margins and bleed, scanning, resolutions
and quality, color separations, placement of
text in balloons, and finally – hints and tips
with regards to working with print houses.
This article talks about text. It’s one of the
structural elements of comics – often seen
as trivial but in reality quite the opposite:
responsible for binding the entire story
together. Particular points discussed include
the placement of speech balloons on a page,
their form and visual aspects, onomatopoeia,
and finally the choice of font. The
author goes over common caveats related to
typography in comics – and even describes
in detail how to make your own font!
Five Hundred Shoelaces
The author spent over a decade running a
print house specializing in comics. In this
article he tells his story from beginning (his
dad also operated a print company) to end
(printing comics made him stop reading
them) through a series of anecdotes. How to
choose paper with the right absorption parameters?
How to deliver special orders, e.g.
comics inside boxes that look like shoes? Etc.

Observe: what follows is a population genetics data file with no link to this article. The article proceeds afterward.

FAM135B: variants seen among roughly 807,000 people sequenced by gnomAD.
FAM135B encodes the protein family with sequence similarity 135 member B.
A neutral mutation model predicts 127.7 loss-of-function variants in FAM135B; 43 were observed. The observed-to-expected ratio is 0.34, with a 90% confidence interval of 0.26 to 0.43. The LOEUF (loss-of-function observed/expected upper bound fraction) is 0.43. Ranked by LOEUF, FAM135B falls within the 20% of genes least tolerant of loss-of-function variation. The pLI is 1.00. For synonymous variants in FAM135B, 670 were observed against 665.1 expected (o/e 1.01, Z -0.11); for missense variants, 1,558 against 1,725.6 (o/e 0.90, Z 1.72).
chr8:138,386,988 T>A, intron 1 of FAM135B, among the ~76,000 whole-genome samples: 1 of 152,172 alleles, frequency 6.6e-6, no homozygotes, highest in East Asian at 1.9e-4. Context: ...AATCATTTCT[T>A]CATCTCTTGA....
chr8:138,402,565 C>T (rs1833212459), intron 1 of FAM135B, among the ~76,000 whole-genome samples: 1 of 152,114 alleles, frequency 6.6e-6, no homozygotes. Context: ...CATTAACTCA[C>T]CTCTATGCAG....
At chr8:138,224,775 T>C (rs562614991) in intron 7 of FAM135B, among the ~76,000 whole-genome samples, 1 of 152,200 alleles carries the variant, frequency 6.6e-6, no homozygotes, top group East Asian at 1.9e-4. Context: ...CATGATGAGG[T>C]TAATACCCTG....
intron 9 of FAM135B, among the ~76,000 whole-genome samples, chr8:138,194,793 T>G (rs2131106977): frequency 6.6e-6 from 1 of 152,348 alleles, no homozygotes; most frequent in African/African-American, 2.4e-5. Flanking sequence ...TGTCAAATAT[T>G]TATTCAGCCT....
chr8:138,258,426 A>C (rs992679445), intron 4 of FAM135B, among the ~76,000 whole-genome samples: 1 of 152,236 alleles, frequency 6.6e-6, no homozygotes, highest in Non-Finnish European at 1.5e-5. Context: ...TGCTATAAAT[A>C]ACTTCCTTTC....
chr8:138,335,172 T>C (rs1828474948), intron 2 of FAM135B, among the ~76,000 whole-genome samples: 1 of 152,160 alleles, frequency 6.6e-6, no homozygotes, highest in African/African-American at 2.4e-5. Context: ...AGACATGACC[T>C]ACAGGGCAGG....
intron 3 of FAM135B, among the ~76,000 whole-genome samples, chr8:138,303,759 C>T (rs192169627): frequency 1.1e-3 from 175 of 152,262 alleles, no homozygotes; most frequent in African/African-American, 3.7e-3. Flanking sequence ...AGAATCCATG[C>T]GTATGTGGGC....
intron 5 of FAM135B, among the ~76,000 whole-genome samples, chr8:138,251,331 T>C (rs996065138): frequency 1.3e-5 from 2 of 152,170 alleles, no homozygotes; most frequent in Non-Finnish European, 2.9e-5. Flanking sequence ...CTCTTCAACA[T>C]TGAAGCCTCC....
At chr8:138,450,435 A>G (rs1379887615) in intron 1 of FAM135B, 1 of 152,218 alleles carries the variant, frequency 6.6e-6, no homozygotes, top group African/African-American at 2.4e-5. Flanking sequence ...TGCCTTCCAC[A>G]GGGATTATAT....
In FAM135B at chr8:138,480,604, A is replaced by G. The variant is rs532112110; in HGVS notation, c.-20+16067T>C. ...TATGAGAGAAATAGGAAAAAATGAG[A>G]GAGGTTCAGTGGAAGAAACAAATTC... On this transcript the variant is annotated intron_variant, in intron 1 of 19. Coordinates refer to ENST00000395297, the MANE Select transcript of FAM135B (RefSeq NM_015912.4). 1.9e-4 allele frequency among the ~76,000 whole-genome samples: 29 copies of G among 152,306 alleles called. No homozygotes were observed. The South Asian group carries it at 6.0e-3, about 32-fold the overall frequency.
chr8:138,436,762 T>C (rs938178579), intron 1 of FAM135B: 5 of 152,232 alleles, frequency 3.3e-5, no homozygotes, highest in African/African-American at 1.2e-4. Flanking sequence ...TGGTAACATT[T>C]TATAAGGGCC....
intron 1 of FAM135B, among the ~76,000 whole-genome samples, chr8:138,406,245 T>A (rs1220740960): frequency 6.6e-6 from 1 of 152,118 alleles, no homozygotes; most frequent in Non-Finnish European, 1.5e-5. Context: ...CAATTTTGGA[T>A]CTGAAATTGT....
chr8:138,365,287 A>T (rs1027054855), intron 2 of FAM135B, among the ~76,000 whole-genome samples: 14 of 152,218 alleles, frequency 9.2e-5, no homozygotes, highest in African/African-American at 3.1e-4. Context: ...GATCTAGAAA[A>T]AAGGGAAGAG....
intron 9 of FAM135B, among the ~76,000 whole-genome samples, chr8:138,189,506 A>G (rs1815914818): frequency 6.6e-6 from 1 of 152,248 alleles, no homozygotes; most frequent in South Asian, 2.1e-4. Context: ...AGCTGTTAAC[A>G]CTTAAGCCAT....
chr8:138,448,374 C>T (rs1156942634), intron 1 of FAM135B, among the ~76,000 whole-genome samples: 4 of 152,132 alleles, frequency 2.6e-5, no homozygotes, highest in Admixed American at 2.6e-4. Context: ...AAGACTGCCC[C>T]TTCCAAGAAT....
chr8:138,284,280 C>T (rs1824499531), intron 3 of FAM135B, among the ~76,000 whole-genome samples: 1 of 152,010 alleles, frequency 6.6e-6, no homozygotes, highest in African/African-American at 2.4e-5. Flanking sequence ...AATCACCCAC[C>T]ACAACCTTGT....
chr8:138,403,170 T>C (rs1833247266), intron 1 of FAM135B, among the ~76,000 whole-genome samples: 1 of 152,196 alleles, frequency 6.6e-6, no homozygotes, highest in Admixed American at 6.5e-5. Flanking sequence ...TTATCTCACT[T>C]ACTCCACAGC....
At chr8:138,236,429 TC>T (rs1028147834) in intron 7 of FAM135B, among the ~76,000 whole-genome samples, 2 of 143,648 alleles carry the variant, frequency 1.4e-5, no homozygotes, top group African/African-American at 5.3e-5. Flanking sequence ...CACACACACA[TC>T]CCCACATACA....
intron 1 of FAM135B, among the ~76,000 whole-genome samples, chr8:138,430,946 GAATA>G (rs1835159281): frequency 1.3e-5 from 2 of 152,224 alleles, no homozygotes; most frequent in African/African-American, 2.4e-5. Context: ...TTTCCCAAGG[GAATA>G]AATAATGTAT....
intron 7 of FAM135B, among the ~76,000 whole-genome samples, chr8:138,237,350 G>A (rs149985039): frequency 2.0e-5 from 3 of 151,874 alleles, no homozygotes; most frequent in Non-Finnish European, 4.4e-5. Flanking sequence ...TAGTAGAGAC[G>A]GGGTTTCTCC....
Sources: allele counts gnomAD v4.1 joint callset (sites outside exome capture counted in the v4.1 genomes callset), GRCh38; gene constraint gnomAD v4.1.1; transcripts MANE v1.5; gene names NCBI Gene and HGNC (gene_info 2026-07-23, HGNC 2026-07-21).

Scenario Is Key
Rafał Szłapa, a well-known Polish comic
book artist, has been auto-publishing his
Bler series (5 volumes published so far) for
a couple of years now. In this interview
he talks about the origins of the series and
explains his reasons for choosing auto-publishing
and challenges that come with it.
Locating the Author
Leszek Kaczanowski runs a small but dynamic
publishing house specializing in reprints
of older Polish comics. Here he talks about
various practical issues related to his occupation:
the question of licenses and locating
authors (which is sometimes impossible
and often quite hard), publishing strategies,
preparing comics for print, etc.
The Last Niche
Yumegari is a relatively new independent
publishing house in Poland, specializing in
manga – more specifically in Korean and
Chinese comics. They were also the first
publisher in our country to propose hentai
comics to their readers – with success. The
interview circles around subjects such as
licenses, collaboration with Japanese publishers,
operating a small publishing outfit in
Poland, contacts with fans, , controversies
around publishing hentai in Poland, etc.
There Were No Spectacular Failures
Szymon Holcman is one of the owners of
kultura gniewu, one of the oldest Polish
independent comics publishers. In this
interview he talks about the past, present
and future of his outfit, about licensing and